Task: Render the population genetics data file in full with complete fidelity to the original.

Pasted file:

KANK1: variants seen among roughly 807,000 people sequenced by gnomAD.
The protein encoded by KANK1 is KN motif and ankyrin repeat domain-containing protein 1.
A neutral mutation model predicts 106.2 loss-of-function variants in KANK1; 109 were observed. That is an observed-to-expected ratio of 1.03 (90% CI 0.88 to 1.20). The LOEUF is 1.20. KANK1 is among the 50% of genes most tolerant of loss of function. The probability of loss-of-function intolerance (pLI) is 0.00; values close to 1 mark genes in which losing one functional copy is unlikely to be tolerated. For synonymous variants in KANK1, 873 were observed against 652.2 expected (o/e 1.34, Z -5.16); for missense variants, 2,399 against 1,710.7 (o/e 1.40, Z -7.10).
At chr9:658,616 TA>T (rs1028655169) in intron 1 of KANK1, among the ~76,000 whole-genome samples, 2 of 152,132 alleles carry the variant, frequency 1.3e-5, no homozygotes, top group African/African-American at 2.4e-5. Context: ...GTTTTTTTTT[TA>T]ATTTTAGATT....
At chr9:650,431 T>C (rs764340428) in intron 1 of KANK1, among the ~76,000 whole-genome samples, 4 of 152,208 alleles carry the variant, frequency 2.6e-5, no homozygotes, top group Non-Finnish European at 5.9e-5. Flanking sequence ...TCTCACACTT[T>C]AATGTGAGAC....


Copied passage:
KANK1: variants seen among roughly 807,000 people sequenced by gnomAD.
The protein encoded by KANK1 is KN motif and ankyrin repeat domain-containing protein 1.
A neutral mutation model predicts 106.2 loss-of-function variants in KANK1; 109 were observed. That is an observed-to-expected ratio of 1.03 (90% CI 0.88 to 1.20). The LOEUF is 1.20. KANK1 is among the 50% of genes most tolerant of loss of function. The probability of loss-of-function intolerance (pLI) is 0.00; values close to 1 mark genes in which losing one functional copy is unlikely to be tolerated. For synonymous variants in KANK1, 873 were observed against 652.2 expected (o/e 1.34, Z -5.16); for missense variants, 2,399 against 1,710.7 (o/e 1.40, Z -7.10).
At chr9:658,616 TA>T (rs1028655169) in intron 1 of KANK1, among the ~76,000 whole-genome samples, 2 of 152,132 alleles carry the variant, frequency 1.3e-5, no homozygotes, top group African/African-American at 2.4e-5. Context: ...GTTTTTTTTT[TA>T]ATTTTAGATT....
At chr9:650,431 T>C (rs764340428) in intron 1 of KANK1, among the ~76,000 whole-genome samples, 4 of 152,208 alleles carry the variant, frequency 2.6e-5, no homozygotes, top group Non-Finnish European at 5.9e-5. Flanking sequence ...TCTCACACTT[T>C]AATGTGAGAC....